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It’s Prenup Season Folks for Summer Weddings- Here Are a Few Quick Tips to Keep in Mind

This time of year is my favorite season — and sometimes I refer to it as Prenup Season. Why? Couples planning to tie the knot this spring or summer may be considering a prenup.  I also posted a quick video here on the topic.

Here are three tips for the betrothed who want a prenuptial agreement:

  • The sooner, the better. As a general rule, I tell my clients that prenups should be signed three months before the wedding, or before the wedding invitations go out. There’s no law that says this, but it is a best practice that strengthens the document. That’s because a prenup is invalid when one party is pressured to sign it, and bringing it up close to the date of the wedding is a form of pressure. A court looking at it may conclude that the prenup is invalid as a result. We want to make sure that the prenup is signed well ahead of the wedding day.
  • Both sides need to be represented by separate counsel. Separate counsel is necessary because attorneys like me don’t even take on prenuptial agreements. In the event that the other party refuses to retain counsel, this helps the court see that there is no undue influence, and both parties signed it knowingly and voluntarily. Their signatures signify that they understand the rights that they have under the terms of the prenuptial agreement.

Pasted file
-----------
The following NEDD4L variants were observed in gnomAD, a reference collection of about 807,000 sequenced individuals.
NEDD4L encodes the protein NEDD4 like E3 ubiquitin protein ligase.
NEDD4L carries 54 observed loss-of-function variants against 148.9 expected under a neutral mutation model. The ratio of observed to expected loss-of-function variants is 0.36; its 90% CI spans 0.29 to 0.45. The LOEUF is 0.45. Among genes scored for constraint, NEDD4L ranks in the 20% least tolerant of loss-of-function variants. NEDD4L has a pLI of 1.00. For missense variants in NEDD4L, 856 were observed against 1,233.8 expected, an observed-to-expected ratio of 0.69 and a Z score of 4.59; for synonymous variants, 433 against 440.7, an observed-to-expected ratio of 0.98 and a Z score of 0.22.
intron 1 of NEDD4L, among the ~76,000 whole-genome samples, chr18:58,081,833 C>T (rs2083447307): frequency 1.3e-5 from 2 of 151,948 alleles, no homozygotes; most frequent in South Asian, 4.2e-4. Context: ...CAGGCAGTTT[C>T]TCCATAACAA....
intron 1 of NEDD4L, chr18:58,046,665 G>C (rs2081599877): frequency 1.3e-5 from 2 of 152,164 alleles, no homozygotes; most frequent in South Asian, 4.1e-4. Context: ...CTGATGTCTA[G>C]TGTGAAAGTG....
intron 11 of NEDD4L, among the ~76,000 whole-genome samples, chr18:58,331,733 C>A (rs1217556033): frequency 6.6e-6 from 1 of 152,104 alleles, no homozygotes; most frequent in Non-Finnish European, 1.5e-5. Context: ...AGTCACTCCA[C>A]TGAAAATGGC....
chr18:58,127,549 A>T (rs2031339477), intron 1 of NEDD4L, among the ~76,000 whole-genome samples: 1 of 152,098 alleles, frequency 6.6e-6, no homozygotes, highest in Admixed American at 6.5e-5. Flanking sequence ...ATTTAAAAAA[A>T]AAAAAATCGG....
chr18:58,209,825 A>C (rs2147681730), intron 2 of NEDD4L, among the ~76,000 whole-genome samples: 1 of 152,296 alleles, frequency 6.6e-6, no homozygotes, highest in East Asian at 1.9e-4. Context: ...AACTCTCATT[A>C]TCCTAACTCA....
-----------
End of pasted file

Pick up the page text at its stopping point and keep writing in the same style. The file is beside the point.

• Prenuptial agreements are not just for the rich and famous. When you walk down the aisle and say “I do,” you are forming a contract with terms that are given to you under your state’s jurisdiction. Prenuptial agreements allow you to actually “tweak” the terms of that contract to fit your needs. And who knows, maybe one day you will be rich and famous. 

You don’t lose anything when you enter a prenup — you gain flexibility. Throughout the process and afterwards, you never lose your autonomy or the right to make decisions about the terms of your life.

We are here to help you. Contact us today to schedule a consultation with one of our experienced attorneys.

"This blog is for informational purposes only and is not intended to create an attorney-client relationship. It is recommended that you speak to an attorney licensed in your jurisdiction before relying on the information in this blog."

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